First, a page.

Socialist Worker

Republican voters could trump elite

by Alex Callinicos
Issue No. 2494

Donald Trump

Donald Trump (Pic: GageSkidmore_Flickr)


Donald Trump’s sweeping victories in the US primary elections on “Super Tuesday”—last week—has thrown the Republican Party into “a state of pandemonium”, according to the Washington Post newspaper.

Horrified by Trump’s success in laying waste to his rivals for the Republican presidential nomination, party grandees are mobilising in a last-minute effort to stop him.

Mitt Romney, who unsuccessfully ran against Barack Obama in 2012, has denounced Trump as a “fraud”. Money is being poured into attack ads in the states where primaries have still to take place. Katie Packer of Our Principles, a stop-Trump operation funded by the billionaire Ricketts family, told the Post, “We have a very target-rich environment. He has left quite a wake of victims in his path.”

The panic about Trump isn’t confined to the other side of the pond. Martin Wolf, chief commentator for the Financial Times newspaper, declared last week, “The US is the greatest republic since Rome, the bastion of democracy, the guarantor of the liberal global order. It would be a global disaster if Mr Trump were to become president.”

Wolf put his finger on the key issue. The Republican establishment represented by Romney and two of Trump’s hapless opponents, Jeb Bush and Marco Rubio, broadly support the strategy pursued by US imperialism since the Second World War. This is to build an international network of alliances underpinned by US military power to maintain a global liberal capitalist order through which capital and commodities can freely flow.

Trump is challenging this order. Apart from wanting to build a wall along the border with Mexico, he is promising to force US corporations such as Apple to repatriate their production from China and other low-wage economies. He has also questioned the worth of the US alliance with Japan.

This is anathema to the mainstream of the US ruling class. Sixty Republican foreign policy experts last week signed a letter saying Trump was unfit to be president.

General Michael Hayden, George W Bush’s last director of the Central Intelligence Agency, has warned that US military commanders might disobey his orders if they violated international law.

Tradition

Trump’s general stance is in fact quite recognisable to anyone familiar with US political history. It is an example of what the Republican commentator Walter Russell Mead has called the Jacksonian tradition. Andrew Jackson, president 1829-37, was very happy to use force to expand the US, notably against the Native Americans. But he was also a populist opponent of Wall Street and suspicious of foreigners.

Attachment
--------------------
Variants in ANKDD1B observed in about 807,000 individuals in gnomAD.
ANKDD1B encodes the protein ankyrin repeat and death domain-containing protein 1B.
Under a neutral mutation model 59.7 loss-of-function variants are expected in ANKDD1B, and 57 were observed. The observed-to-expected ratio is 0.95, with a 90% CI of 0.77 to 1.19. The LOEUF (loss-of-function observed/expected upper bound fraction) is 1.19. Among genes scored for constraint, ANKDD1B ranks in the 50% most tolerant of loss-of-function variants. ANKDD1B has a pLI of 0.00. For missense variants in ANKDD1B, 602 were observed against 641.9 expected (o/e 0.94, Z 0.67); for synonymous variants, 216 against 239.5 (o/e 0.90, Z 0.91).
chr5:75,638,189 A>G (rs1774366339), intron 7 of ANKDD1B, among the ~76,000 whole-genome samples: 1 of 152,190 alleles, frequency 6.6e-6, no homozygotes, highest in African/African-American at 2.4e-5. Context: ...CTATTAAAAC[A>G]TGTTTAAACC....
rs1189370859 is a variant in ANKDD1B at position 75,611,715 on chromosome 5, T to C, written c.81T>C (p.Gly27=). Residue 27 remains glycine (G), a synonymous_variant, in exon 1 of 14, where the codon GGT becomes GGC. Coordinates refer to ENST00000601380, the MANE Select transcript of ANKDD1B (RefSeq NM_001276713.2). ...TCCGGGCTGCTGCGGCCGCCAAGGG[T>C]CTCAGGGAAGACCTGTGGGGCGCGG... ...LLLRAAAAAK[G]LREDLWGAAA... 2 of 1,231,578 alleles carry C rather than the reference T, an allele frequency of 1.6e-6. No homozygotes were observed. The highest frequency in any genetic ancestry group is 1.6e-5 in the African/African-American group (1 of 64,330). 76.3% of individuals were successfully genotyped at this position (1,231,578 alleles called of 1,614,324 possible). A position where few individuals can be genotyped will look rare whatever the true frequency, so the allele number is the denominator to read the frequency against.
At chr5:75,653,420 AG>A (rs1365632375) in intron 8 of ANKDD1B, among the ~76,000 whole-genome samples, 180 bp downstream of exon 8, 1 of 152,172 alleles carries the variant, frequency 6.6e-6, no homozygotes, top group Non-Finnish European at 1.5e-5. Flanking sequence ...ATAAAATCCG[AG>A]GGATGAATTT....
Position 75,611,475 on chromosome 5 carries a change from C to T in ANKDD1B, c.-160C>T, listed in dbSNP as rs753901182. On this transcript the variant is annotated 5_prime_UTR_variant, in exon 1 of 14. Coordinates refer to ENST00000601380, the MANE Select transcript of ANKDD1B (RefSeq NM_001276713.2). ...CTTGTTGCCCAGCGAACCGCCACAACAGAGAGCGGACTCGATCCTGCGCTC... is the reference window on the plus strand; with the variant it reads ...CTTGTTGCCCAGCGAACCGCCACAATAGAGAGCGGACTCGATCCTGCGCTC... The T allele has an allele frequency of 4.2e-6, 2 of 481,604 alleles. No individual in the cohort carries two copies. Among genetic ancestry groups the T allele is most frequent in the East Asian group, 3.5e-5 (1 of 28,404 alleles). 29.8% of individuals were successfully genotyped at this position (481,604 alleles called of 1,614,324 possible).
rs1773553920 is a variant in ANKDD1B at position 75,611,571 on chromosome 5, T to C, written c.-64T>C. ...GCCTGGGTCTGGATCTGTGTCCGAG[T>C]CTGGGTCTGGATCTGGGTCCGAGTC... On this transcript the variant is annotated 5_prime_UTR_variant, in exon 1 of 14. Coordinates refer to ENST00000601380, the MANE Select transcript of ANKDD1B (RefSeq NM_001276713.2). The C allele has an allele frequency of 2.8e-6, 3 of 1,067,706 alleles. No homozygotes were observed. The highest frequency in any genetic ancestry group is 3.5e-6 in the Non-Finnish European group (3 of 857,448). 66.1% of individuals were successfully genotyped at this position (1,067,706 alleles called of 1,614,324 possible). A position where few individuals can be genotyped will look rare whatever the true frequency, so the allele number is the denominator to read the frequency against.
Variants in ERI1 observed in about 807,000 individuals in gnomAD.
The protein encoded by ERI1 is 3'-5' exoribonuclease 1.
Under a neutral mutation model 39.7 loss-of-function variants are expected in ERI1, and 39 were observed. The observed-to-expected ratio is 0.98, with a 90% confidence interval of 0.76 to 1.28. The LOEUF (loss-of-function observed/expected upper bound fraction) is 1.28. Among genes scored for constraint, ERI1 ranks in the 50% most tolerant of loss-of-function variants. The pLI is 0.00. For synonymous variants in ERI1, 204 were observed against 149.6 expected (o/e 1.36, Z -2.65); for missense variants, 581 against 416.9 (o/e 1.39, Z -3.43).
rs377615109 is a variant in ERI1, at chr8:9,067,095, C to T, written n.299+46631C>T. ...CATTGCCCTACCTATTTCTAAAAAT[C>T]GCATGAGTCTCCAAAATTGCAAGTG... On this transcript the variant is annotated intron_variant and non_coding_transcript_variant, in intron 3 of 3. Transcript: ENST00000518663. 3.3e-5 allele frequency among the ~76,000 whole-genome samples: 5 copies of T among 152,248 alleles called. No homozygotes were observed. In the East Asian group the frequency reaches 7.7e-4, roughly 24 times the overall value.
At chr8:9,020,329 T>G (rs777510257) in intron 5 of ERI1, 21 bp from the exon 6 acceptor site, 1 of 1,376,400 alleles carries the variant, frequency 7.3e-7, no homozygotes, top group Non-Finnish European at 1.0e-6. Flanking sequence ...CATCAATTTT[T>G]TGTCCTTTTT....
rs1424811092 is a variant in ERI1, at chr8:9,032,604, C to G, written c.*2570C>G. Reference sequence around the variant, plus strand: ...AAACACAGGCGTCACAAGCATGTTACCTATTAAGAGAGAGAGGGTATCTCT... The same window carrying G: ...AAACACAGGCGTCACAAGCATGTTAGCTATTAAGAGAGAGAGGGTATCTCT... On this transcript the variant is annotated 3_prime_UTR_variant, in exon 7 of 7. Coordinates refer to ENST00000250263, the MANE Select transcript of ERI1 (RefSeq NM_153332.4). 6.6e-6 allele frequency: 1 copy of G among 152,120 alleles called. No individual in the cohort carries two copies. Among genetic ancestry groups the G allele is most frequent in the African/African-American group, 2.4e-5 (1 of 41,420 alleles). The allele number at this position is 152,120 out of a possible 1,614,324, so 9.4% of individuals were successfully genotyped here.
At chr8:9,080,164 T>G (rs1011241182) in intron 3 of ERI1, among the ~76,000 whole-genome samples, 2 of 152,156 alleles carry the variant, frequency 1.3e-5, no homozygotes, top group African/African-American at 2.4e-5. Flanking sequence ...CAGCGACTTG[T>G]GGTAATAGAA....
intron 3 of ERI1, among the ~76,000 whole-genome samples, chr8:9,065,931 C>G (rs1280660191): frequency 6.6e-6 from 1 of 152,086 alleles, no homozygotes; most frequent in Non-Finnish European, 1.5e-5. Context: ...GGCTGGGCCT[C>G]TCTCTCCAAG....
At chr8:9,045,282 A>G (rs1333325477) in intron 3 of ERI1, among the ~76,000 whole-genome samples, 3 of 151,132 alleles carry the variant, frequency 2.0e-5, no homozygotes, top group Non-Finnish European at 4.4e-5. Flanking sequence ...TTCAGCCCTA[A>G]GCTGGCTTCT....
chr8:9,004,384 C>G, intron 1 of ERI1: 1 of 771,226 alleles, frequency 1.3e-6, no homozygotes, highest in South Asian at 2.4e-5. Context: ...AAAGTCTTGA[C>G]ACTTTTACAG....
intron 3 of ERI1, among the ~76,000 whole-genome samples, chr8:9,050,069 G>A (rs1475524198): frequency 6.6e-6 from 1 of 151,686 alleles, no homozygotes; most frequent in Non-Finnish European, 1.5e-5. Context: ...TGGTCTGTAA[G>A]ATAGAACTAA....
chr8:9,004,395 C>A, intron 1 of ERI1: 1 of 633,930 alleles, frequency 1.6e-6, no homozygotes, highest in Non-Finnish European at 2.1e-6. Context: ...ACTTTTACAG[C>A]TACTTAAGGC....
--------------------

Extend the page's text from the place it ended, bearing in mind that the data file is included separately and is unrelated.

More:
Jackson was president of the US when it was still pushing out from the eastern seaboard and was an economic semi-colony of Britain. Remarkably, Trump has revitalised this brand of aggressive nativism, racism, and populism in the very different circumstances of 2016, when the US is the dominant capitalist state.

The fundamental reason for his success is obvious enough, and it’s what drives Bernie Sanders’s campaign for the Democratic nomination—the state of the US economy. Real household median income is the same as it was 20 years ago.

The mortality rate among middle-aged white men is rising. No wonder Trump says, “I love the poorly educated.” They are the chief victims of an economic crisis that a majority of people in the US believe is still going on.

David Perdue, Republican senator for Georgia, said, “The main pendulum in American politics is no longer swinging from left to right. It’s swinging between insiders and outsiders.” If true, this poses a big problem for the party establishment.

If they succeed in slowing down Trump’s advance and denying him the nomination at the party convention in July, they may well be punished by the voters who rallied to him.

But it’s a problem for Trump as well. Scenting victory, he’s already starting to clean up his act. On Friday of last week he issued a statement promising to be guided by international law in the orders he would give the military as president.

But if he abandons his utopian promises to shut the US off from global trade and migration, he will be betraying his supporters. Where will they turn next?


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